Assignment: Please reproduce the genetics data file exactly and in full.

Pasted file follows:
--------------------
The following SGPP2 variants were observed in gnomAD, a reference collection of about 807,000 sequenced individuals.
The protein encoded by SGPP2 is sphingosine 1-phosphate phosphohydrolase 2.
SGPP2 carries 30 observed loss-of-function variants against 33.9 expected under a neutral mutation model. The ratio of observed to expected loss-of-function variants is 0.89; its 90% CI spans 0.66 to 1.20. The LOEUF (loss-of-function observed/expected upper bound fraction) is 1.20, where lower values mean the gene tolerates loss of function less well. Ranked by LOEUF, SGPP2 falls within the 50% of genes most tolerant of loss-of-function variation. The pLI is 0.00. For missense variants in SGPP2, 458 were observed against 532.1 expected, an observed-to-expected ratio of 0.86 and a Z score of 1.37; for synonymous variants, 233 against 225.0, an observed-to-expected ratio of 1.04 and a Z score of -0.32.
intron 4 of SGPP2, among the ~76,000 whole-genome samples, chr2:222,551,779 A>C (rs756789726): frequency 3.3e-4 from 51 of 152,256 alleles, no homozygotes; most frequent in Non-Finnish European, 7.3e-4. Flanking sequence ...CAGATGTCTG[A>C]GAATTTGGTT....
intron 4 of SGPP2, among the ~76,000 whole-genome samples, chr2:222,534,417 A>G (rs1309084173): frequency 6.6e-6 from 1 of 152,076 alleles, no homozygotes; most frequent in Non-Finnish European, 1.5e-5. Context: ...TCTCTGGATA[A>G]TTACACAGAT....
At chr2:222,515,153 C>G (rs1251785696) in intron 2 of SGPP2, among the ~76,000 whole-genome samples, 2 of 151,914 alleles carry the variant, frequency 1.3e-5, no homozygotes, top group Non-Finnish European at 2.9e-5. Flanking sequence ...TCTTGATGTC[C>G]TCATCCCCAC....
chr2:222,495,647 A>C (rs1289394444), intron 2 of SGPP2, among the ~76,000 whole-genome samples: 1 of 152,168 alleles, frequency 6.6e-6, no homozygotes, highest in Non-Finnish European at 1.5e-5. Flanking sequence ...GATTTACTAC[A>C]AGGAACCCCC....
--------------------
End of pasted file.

The following SGPP2 variants were observed in gnomAD, a reference collection of about 807,000 sequenced individuals.
The protein encoded by SGPP2 is sphingosine 1-phosphate phosphohydrolase 2.
SGPP2 carries 30 observed loss-of-function variants against 33.9 expected under a neutral mutation model. The ratio of observed to expected loss-of-function variants is 0.89; its 90% CI spans 0.66 to 1.20. The LOEUF (loss-of-function observed/expected upper bound fraction) is 1.20, where lower values mean the gene tolerates loss of function less well. Ranked by LOEUF, SGPP2 falls within the 50% of genes most tolerant of loss-of-function variation. The pLI is 0.00. For missense variants in SGPP2, 458 were observed against 532.1 expected, an observed-to-expected ratio of 0.86 and a Z score of 1.37; for synonymous variants, 233 against 225.0, an observed-to-expected ratio of 1.04 and a Z score of -0.32.
intron 4 of SGPP2, among the ~76,000 whole-genome samples, chr2:222,551,779 A>C (rs756789726): frequency 3.3e-4 from 51 of 152,256 alleles, no homozygotes; most frequent in Non-Finnish European, 7.3e-4. Flanking sequence ...CAGATGTCTG[A>C]GAATTTGGTT....
intron 4 of SGPP2, among the ~76,000 whole-genome samples, chr2:222,534,417 A>G (rs1309084173): frequency 6.6e-6 from 1 of 152,076 alleles, no homozygotes; most frequent in Non-Finnish European, 1.5e-5. Context: ...TCTCTGGATA[A>G]TTACACAGAT....
At chr2:222,515,153 C>G (rs1251785696) in intron 2 of SGPP2, among the ~76,000 whole-genome samples, 2 of 151,914 alleles carry the variant, frequency 1.3e-5, no homozygotes, top group Non-Finnish European at 2.9e-5. Flanking sequence ...TCTTGATGTC[C>G]TCATCCCCAC....
chr2:222,495,647 A>C (rs1289394444), intron 2 of SGPP2, among the ~76,000 whole-genome samples: 1 of 152,168 alleles, frequency 6.6e-6, no homozygotes, highest in Non-Finnish European at 1.5e-5. Flanking sequence ...GATTTACTAC[A>C]AGGAACCCCC....